NEVER ODD OR EVEN, Gordon Hall’s inaugural solo exhibition in New York, applies an unconventional logic to the language of abstraction. Hall’s palindromic title points to the artist’s interest in a cycle of readings, back and forth as it were, and in objects (here letters) as both things in themselves and as transmitters of meaning. The exhibition explores precision and subtle difference, and the ambiguity that can lie between or within objects. The exhibition highlights relations between bodies and objects both in terms of the artist’s use of their body in producing the work, and of the perceptions of the viewer within the space: how objects conjure spatial relations, embedded memories, color perceptions, or potential actions.
NEVER ODD OR EVEN casts familiar forms in understated, hybrid colors. The works share a sense of utility: they suggest a potential function, whether it be to sit on, to hang something upon, or to memorialize. Many have a pair that is an echo, rather than a double, often made from another material or having a different shape. Mysterious yet precise actions and objects inhabit the white cubed gallery space: hidden surfaces emit colors, wall sections are painted in just perceptible off-whites, and soft clay is pressed into a column.
STAIR is a section of a wooden stair with an oblique-angled, mosaic back. White with a purple undertone, the front section has a smooth, luminous surface made from pigmented joint compound. The work’s odd shape and mix of materials give it an ethereal, almost surreal quality.
MIDDLE (I) & (III) are wall sections in entranceways that have been painted in pastel off-whites, where the artist interjects ever so slight color variations into the viewer’s experience of the gallery space.
MIDDLE (II) comprises never-dry modeling clay attached floor-to-ceiling along the crevice of the back of a structural column. The cream, gray, and green clay fills in, smoothes over, and aestheticizes an overlooked architectural feature.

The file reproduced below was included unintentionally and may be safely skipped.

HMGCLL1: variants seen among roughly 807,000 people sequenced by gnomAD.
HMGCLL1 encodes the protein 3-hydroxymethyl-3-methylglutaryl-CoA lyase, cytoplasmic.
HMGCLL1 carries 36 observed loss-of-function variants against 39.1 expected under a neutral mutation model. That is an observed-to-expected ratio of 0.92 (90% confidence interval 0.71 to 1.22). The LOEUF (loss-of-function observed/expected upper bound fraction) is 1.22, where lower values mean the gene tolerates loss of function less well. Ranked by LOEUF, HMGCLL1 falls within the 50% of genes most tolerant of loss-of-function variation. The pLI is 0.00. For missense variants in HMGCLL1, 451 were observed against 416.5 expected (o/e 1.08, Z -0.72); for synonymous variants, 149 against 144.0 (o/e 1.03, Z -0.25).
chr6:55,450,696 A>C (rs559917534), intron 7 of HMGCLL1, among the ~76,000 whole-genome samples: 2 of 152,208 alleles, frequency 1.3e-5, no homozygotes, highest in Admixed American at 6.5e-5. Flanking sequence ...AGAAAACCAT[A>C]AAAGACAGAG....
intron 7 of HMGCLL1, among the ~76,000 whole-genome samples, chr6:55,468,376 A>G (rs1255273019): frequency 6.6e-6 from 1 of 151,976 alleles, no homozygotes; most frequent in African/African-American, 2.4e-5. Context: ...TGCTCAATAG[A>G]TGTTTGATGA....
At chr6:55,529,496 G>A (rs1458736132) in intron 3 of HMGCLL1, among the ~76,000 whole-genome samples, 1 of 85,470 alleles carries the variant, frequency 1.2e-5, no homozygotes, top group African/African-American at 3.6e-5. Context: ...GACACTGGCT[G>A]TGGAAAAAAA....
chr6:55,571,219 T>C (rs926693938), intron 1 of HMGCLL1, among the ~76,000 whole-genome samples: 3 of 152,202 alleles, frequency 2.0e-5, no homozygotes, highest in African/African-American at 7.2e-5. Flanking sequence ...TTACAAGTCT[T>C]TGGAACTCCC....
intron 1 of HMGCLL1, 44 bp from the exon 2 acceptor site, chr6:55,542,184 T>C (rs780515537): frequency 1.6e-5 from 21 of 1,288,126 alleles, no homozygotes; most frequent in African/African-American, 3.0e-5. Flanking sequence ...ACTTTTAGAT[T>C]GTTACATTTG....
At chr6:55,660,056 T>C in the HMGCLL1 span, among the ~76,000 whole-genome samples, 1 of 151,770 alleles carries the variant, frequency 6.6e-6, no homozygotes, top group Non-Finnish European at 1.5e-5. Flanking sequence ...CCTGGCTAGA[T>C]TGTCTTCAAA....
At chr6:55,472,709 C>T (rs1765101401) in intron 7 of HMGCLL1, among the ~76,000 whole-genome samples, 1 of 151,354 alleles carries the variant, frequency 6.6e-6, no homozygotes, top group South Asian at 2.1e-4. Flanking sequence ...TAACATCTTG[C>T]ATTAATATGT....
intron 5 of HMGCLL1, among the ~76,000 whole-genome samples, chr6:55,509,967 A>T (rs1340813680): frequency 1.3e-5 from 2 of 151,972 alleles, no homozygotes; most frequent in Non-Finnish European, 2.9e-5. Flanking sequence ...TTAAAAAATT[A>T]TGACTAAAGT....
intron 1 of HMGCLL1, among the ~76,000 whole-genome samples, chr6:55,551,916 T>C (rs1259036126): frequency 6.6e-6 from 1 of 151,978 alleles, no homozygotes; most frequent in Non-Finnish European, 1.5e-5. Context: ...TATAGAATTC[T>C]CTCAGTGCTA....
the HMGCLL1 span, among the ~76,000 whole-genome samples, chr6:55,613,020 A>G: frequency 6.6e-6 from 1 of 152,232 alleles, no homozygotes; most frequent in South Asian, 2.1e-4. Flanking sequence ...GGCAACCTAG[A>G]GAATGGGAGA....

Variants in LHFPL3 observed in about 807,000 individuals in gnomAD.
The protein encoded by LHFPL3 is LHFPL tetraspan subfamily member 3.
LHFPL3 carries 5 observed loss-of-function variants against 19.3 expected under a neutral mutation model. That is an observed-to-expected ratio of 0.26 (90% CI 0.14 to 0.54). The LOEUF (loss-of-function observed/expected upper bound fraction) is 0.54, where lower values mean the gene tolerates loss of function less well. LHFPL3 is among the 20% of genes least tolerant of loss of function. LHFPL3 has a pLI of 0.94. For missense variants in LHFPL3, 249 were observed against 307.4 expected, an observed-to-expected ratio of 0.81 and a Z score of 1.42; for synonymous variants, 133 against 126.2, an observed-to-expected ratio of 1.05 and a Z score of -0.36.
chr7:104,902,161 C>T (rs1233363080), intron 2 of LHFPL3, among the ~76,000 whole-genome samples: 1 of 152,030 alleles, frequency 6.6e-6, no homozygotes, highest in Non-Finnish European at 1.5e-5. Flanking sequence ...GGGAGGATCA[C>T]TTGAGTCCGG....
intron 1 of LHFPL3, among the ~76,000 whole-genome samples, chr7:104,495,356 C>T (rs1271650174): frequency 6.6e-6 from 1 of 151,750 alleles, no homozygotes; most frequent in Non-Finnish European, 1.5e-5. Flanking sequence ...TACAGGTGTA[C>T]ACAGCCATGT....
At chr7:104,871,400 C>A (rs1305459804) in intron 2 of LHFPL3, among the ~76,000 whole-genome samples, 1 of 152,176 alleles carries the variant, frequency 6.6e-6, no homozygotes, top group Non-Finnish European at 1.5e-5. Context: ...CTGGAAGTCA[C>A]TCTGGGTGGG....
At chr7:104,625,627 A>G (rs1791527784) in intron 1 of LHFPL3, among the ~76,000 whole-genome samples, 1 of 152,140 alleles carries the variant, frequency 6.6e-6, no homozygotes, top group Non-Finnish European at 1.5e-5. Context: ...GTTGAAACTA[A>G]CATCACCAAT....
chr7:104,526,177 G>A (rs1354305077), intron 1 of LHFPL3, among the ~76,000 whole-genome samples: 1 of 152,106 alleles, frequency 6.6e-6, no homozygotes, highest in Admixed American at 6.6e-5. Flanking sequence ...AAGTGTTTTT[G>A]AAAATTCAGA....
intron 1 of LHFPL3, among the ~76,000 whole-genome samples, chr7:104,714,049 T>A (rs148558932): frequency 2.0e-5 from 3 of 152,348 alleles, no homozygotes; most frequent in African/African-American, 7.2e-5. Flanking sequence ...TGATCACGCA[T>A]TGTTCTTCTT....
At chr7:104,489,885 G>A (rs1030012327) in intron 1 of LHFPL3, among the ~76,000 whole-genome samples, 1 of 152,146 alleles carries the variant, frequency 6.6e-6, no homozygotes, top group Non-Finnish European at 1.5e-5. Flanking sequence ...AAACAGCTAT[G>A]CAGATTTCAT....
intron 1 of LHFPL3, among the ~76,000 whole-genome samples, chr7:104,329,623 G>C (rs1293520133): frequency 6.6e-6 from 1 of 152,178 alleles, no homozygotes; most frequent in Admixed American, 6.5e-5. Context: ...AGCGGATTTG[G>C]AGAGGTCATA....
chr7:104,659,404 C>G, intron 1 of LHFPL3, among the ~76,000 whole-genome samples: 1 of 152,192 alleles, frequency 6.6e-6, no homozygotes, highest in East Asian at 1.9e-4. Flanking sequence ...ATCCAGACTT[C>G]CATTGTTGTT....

DOUBLE (II) are two Shaker pegs cast in translucent resin. Installed on opposite walls of the gallery, their apparent functionality is undermined by their material and context.
SET (IV), (V), & (VI) – three painted wooden floor pieces with joint compound surfaced edges – are placed in different corners of the gallery, spanning the space of the exhibition between them. They have hidden colored sides that indirectly reflect onto the white gallery walls, making, in a sense, the unseen visible.
DOUBLE III (STAND AND) comprises two flat arrangements of shapes made respectively of joint compound-covered wood and hand-dyed cotton (that are miniature versions of another work concurrently on view two blocks away at Kent Fine Art.) With the wood sections stacked against a wall and the cotton pieces lying on the floor, they share the same shape, color, and size, yet their materials distinctly mark their difference.
FOLD – a triangle of folded, dyed canvas on a low, customized plinth – suggests a shroud or a flag left ceremonially in its final resting place.
DOUBLE (I) comprises an old wooden stool (found at an artist’s residency) placed near a replica of it. The artist honors the original through making its copy; although, they actually look quite different: the original is well-worn through use, while the copy has colored edges and a shiny newness about it.
STOOLS, two mosaic stools are placed opposite one another as if in communion. Their surfaces – off-white grouting with beige tiles on the outside, yellow tiles on the inside, and (unseen to the casual viewer) mirror tiles on the underside – are the same, but they are shaped differently: one is rectangular and smaller; the other is curved and larger.
Photography: Mark Woods. Thanks to Night Club, Chicago.